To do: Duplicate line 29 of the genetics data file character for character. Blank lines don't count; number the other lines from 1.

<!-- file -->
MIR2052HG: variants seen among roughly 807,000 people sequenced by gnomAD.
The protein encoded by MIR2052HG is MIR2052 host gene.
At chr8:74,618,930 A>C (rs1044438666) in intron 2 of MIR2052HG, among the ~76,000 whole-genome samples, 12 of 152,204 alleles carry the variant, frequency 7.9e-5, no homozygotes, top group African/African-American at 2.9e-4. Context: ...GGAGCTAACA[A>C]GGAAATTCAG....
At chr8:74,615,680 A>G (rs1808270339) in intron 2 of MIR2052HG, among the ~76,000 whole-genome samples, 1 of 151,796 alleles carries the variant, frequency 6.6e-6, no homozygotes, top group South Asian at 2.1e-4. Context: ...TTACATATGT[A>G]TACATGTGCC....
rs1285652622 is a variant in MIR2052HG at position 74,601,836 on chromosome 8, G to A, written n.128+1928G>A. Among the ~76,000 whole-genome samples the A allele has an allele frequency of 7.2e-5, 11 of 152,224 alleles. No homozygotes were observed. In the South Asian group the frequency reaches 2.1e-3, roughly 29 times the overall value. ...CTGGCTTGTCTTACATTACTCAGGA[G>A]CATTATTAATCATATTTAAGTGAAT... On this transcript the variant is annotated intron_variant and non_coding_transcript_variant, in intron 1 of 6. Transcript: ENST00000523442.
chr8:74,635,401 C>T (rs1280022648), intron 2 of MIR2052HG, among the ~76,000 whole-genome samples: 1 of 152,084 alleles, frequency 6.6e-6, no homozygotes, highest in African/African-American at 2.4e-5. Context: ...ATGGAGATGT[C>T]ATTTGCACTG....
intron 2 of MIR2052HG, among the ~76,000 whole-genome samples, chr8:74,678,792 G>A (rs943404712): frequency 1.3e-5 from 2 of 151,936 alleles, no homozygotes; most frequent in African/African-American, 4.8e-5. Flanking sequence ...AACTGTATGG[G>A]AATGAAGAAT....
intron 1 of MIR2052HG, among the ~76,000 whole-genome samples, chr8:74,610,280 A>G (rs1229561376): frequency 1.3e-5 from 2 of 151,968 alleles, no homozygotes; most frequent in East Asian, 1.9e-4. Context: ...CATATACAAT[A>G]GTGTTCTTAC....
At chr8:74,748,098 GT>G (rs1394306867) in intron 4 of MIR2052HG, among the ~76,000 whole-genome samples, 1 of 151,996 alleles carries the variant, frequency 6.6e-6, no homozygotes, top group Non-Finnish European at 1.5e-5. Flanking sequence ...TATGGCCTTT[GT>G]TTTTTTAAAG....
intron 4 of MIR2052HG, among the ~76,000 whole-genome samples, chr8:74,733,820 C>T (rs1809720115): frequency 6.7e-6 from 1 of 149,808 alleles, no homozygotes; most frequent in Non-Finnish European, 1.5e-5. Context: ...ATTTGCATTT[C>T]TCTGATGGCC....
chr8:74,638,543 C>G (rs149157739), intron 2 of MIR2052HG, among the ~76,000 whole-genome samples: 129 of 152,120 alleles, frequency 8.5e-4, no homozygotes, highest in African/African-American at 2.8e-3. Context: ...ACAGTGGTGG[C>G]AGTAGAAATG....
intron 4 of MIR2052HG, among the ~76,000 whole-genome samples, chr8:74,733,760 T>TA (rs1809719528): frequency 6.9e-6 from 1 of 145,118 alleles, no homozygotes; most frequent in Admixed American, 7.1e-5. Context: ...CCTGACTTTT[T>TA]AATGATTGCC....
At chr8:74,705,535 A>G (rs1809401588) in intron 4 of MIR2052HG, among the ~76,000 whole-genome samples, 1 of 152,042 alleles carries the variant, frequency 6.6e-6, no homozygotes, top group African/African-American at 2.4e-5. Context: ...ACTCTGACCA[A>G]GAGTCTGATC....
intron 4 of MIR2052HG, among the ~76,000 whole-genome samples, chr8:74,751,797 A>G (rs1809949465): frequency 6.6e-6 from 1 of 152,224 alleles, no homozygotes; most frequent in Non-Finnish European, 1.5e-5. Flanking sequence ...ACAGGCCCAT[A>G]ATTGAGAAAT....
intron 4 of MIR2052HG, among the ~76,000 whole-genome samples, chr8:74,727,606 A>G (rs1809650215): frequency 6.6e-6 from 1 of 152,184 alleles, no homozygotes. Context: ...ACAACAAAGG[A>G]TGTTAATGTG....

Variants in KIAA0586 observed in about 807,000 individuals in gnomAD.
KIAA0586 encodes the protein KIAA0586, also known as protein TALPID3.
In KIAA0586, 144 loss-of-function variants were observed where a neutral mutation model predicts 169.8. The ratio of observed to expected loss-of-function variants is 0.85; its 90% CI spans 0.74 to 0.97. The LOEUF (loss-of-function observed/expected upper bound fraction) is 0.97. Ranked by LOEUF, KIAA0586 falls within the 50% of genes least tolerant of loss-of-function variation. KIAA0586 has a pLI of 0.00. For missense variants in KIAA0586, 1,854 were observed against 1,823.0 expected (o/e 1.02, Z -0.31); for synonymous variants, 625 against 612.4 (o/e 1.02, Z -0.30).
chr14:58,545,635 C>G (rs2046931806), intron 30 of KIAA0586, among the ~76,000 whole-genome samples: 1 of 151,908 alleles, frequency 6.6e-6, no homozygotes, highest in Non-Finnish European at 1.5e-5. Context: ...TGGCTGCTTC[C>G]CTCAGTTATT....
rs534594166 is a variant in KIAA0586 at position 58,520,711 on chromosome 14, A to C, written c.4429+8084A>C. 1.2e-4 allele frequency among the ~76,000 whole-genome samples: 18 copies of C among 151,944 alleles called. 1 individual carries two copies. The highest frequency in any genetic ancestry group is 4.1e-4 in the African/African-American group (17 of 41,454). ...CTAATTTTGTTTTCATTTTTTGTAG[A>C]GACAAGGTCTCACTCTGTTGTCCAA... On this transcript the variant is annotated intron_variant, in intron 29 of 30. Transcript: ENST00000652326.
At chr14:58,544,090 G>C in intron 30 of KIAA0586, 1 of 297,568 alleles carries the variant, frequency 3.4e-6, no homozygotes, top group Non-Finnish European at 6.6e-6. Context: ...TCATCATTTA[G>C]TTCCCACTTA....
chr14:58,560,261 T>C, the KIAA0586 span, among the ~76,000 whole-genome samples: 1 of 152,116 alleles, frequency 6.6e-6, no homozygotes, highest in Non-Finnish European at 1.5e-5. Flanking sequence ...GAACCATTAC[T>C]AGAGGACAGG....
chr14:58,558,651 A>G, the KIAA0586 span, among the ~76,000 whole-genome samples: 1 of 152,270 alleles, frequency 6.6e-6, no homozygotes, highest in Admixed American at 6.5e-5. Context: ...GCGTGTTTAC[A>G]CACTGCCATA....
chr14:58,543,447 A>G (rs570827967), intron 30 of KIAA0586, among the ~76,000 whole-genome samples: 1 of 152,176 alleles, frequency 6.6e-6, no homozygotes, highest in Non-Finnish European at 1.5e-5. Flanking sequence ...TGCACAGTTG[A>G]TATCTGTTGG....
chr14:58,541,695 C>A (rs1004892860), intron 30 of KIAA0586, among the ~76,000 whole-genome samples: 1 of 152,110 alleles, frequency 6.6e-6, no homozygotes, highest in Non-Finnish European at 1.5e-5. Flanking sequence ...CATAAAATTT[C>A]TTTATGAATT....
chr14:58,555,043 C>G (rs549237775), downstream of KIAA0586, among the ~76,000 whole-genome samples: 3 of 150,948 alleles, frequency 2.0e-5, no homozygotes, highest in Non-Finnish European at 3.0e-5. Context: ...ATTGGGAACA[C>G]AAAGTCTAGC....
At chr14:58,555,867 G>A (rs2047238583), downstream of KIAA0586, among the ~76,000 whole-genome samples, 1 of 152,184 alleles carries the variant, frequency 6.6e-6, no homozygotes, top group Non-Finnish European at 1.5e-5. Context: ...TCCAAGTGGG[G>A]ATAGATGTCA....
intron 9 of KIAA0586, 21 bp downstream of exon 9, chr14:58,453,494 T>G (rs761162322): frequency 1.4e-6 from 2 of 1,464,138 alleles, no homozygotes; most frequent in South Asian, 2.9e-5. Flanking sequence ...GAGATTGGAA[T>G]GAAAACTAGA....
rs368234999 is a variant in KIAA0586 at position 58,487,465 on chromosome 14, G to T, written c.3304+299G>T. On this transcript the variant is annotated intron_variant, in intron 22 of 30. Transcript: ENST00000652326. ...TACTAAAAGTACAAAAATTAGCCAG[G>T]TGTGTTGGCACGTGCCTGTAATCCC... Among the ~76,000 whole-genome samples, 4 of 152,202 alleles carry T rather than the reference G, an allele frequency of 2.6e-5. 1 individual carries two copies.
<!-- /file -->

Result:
rs368234999 is a variant in KIAA0586 at position 58,487,465 on chromosome 14, G to T, written c.3304+299G>T. On this transcript the variant is annotated intron_variant, in intron 22 of 30. Transcript: ENST00000652326. ...TACTAAAAGTACAAAAATTAGCCAG[G>T]TGTGTTGGCACGTGCCTGTAATCCC... Among the ~76,000 whole-genome samples, 4 of 152,202 alleles carry T rather than the reference G, an allele frequency of 2.6e-5. 1 individual carries two copies.